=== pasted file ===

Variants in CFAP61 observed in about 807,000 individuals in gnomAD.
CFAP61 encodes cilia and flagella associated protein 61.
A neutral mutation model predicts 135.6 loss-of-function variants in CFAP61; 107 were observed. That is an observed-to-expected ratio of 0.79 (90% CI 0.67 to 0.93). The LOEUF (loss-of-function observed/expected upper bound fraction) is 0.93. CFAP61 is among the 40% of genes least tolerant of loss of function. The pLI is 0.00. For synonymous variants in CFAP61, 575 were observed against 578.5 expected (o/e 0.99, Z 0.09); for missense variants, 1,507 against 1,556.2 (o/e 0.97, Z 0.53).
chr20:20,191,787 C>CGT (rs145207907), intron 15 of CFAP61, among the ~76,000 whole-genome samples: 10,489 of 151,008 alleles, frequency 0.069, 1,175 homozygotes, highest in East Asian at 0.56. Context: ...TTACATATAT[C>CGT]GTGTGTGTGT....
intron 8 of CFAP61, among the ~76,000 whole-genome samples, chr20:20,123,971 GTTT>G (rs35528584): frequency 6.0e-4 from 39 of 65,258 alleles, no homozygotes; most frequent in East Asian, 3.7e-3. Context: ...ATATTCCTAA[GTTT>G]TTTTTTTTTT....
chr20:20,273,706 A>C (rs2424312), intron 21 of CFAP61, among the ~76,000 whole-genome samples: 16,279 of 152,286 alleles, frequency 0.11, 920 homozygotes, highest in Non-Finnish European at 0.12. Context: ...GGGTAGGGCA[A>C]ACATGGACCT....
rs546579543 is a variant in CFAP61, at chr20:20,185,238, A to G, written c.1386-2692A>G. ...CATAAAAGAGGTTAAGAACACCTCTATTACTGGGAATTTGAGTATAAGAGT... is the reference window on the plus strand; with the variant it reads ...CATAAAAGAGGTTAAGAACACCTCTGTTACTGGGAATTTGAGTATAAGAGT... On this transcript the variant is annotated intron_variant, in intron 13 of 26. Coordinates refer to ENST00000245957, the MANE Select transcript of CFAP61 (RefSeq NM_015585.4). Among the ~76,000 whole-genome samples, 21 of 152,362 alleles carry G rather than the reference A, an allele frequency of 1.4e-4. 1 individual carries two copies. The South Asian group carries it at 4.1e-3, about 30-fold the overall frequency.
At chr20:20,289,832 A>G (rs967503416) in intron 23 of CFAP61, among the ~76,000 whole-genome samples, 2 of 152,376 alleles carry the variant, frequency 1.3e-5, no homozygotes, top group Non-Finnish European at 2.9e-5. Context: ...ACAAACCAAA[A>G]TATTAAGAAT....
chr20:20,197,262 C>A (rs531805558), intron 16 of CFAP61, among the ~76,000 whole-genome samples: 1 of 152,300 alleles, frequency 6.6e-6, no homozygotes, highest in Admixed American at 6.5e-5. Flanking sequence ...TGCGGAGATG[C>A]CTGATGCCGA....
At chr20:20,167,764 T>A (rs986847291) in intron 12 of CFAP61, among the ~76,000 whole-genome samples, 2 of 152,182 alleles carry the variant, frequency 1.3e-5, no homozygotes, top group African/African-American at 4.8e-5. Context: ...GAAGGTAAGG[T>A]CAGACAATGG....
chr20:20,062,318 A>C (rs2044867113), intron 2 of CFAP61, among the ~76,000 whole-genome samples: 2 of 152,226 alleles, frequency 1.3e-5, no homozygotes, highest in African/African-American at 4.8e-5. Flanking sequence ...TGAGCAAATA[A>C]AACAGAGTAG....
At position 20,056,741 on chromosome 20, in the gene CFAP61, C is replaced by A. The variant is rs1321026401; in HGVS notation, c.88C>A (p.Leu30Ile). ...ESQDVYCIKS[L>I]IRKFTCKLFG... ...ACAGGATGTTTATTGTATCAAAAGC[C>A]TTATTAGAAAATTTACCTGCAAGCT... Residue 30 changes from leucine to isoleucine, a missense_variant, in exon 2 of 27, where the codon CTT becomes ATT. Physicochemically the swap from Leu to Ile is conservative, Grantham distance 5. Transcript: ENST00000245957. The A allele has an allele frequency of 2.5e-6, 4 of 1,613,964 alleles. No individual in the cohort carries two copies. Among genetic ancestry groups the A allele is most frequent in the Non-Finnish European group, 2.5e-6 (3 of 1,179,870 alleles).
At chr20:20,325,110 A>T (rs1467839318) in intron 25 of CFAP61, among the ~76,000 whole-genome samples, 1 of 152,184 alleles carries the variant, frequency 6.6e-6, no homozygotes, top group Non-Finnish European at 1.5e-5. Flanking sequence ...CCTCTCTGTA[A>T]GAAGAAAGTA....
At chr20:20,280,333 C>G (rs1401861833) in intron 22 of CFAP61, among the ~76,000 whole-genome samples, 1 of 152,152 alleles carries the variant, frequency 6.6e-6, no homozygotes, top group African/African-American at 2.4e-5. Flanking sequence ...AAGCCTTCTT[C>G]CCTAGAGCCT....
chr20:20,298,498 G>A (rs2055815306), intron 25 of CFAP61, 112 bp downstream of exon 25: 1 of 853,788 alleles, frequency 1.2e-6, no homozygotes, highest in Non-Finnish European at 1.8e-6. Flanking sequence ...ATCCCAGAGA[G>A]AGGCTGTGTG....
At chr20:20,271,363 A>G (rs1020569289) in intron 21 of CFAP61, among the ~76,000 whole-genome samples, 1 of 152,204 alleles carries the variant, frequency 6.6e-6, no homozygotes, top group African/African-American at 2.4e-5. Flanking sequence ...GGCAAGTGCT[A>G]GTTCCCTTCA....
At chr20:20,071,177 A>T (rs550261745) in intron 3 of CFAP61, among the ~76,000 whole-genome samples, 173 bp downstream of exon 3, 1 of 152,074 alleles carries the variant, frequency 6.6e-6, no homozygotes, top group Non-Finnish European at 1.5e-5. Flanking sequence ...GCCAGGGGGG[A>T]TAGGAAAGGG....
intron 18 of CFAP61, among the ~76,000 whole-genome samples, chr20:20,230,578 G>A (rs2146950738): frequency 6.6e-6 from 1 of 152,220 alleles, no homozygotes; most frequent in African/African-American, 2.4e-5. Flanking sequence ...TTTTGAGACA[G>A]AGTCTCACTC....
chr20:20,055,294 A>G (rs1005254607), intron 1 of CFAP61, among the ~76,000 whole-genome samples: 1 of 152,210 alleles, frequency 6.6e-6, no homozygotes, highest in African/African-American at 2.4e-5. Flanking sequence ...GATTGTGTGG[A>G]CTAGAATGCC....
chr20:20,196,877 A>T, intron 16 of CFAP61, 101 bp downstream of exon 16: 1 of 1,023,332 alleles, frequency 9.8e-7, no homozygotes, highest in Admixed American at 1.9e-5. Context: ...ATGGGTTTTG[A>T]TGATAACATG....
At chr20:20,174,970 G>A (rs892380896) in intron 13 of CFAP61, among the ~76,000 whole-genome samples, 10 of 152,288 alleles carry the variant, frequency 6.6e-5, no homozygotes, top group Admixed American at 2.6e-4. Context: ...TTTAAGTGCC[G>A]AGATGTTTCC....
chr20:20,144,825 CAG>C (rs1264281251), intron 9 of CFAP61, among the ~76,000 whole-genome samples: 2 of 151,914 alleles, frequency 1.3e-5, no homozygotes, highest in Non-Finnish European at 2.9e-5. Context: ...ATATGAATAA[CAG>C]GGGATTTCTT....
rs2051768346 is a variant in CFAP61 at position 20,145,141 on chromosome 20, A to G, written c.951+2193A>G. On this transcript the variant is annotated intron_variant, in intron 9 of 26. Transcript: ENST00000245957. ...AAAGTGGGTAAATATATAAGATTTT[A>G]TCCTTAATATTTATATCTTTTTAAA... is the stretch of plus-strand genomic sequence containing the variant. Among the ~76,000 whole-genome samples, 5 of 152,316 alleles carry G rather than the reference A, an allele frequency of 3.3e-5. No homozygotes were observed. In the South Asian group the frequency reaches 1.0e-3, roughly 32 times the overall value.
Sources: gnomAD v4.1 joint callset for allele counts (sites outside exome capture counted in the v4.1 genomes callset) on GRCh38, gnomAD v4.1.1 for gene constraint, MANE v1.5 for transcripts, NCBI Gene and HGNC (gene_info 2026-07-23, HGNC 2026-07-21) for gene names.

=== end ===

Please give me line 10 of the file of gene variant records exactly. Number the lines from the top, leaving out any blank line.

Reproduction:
At chr20:20,167,764 T>A (rs986847291) in intron 12 of CFAP61, among the ~76,000 whole-genome samples, 2 of 152,182 alleles carry the variant, frequency 1.3e-5, no homozygotes, top group African/African-American at 4.8e-5. Context: ...GAAGGTAAGG[T>A]CAGACAATGG....